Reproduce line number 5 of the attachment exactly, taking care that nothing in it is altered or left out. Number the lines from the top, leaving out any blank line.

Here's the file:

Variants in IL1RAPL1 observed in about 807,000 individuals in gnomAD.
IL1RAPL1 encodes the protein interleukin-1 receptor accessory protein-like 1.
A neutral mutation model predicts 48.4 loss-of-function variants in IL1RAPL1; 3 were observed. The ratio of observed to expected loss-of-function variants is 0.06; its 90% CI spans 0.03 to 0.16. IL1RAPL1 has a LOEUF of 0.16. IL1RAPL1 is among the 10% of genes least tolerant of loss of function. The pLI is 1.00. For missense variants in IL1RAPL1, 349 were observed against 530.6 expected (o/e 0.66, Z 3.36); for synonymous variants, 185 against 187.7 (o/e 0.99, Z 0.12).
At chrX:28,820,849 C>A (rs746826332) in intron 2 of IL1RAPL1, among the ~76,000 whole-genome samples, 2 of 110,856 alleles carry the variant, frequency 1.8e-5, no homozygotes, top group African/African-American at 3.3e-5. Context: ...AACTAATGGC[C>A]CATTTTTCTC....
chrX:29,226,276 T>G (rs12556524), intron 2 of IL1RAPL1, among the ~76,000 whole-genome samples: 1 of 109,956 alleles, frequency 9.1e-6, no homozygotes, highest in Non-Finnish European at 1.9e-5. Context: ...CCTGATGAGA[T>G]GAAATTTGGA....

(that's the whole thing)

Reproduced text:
chrX:29,226,276 T>G (rs12556524), intron 2 of IL1RAPL1, among the ~76,000 whole-genome samples: 1 of 109,956 alleles, frequency 9.1e-6, no homozygotes, highest in Non-Finnish European at 1.9e-5. Context: ...CCTGATGAGA[T>G]GAAATTTGGA....